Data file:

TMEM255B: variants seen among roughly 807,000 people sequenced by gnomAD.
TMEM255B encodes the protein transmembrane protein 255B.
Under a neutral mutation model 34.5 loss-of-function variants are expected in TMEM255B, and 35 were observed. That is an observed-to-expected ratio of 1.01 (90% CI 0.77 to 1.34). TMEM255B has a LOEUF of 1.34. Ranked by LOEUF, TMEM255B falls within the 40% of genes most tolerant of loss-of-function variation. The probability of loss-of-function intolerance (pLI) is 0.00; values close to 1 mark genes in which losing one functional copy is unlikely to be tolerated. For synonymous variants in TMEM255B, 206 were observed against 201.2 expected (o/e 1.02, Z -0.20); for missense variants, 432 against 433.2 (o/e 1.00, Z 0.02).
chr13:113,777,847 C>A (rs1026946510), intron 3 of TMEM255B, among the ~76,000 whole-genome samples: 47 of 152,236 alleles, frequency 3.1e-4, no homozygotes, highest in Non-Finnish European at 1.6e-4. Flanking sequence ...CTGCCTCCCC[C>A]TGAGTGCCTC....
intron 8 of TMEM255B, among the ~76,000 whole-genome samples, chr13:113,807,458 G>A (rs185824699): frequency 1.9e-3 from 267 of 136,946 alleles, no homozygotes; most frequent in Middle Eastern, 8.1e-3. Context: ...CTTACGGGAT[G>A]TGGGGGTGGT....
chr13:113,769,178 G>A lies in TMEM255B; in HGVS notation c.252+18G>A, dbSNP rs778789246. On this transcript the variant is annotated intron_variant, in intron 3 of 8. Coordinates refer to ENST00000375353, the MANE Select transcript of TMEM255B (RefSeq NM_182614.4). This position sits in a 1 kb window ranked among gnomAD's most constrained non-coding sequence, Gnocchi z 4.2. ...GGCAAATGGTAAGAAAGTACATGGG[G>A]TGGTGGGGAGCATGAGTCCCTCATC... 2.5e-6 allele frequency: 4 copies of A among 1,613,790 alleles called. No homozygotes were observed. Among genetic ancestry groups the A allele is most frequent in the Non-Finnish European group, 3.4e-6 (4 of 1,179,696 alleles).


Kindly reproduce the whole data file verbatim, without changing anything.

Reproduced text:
TMEM255B: variants seen among roughly 807,000 people sequenced by gnomAD.
TMEM255B encodes the protein transmembrane protein 255B.
Under a neutral mutation model 34.5 loss-of-function variants are expected in TMEM255B, and 35 were observed. That is an observed-to-expected ratio of 1.01 (90% CI 0.77 to 1.34). TMEM255B has a LOEUF of 1.34. Ranked by LOEUF, TMEM255B falls within the 40% of genes most tolerant of loss-of-function variation. The probability of loss-of-function intolerance (pLI) is 0.00; values close to 1 mark genes in which losing one functional copy is unlikely to be tolerated. For synonymous variants in TMEM255B, 206 were observed against 201.2 expected (o/e 1.02, Z -0.20); for missense variants, 432 against 433.2 (o/e 1.00, Z 0.02).
chr13:113,777,847 C>A (rs1026946510), intron 3 of TMEM255B, among the ~76,000 whole-genome samples: 47 of 152,236 alleles, frequency 3.1e-4, no homozygotes, highest in Non-Finnish European at 1.6e-4. Flanking sequence ...CTGCCTCCCC[C>A]TGAGTGCCTC....
intron 8 of TMEM255B, among the ~76,000 whole-genome samples, chr13:113,807,458 G>A (rs185824699): frequency 1.9e-3 from 267 of 136,946 alleles, no homozygotes; most frequent in Middle Eastern, 8.1e-3. Context: ...CTTACGGGAT[G>A]TGGGGGTGGT....
chr13:113,769,178 G>A lies in TMEM255B; in HGVS notation c.252+18G>A, dbSNP rs778789246. On this transcript the variant is annotated intron_variant, in intron 3 of 8. Coordinates refer to ENST00000375353, the MANE Select transcript of TMEM255B (RefSeq NM_182614.4). This position sits in a 1 kb window ranked among gnomAD's most constrained non-coding sequence, Gnocchi z 4.2. ...GGCAAATGGTAAGAAAGTACATGGG[G>A]TGGTGGGGAGCATGAGTCCCTCATC... 2.5e-6 allele frequency: 4 copies of A among 1,613,790 alleles called. No homozygotes were observed. Among genetic ancestry groups the A allele is most frequent in the Non-Finnish European group, 3.4e-6 (4 of 1,179,696 alleles).